Instead, there’s only the ISM to keep us interested. Which then grows confusing, because if we’re there with the ISM and not directly with the story, then the hero family we’re supposed to be rooting for isn’t actually heroic. In terms of the ISM, they’re the problem. The enemy. We should be rooting for their deaths.
But wait, you say, having seen the movie. Peele’s no dummy when it comes to his ISM; it’s what he appears to be most interested in. He gets that his family are the baddies—that is, all except for Adelaide.
You might not believe it, but the Adelaide we think is the real one, isn’t. She’s the double.
The movie opens in 1986 when little girl Adelaide stumbles into a funhouse and meets her evil double. During which opening scene, you will assume, if you’ve ever seen a movie before, that the two girls are switched. Because we only see them meet—then cut to Adelaide all freaked out and silent and suspiciously weird from her briefly being lost in a funhouse.
This thread gets lost in the shuffle of people stabbing and beating each other to death, and I decided I was being overly clever to think such a thing. But no. The very end of the movie offers this up as a twist. A twist to let us know that, in a way, we’ve been rooting for the right Adelaide all along. Not the one we thought we were—she represents the thoughtless oppressor the underclass is destined to overthrow—but the double, and a sneaky double at that. One who escaped her captivity and took on the trappings of those above, which whom she intends to remain.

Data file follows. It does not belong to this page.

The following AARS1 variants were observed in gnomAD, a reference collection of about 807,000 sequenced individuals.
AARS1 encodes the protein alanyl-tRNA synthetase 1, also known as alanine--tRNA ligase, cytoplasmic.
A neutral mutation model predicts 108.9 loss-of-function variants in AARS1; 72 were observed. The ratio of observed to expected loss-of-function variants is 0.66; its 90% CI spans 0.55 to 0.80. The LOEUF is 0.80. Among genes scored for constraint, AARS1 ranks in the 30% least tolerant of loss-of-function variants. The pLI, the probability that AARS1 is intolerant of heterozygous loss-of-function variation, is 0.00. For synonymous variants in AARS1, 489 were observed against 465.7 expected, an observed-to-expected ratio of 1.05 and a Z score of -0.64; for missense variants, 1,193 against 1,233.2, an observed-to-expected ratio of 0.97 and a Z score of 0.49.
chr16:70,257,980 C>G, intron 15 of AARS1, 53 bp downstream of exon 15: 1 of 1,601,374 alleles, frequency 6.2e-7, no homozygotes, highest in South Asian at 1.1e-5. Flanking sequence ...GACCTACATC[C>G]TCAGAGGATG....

Which, hm, doesn’t that make her just as evil as real world Adelaide after all? I think it does. Rats. So, wait, who am I supposed to care about in this movie? I’ve become mired in metaphor and can’t seem to get out.
Neither can Peele. I’m glad he’s thinking big thoughts, and wish more high-profile filmmakers would follow his lead in that regard, but I’d rather he thought big story-related thoughts first, and tucked in his ISMs beneath them, where they belong.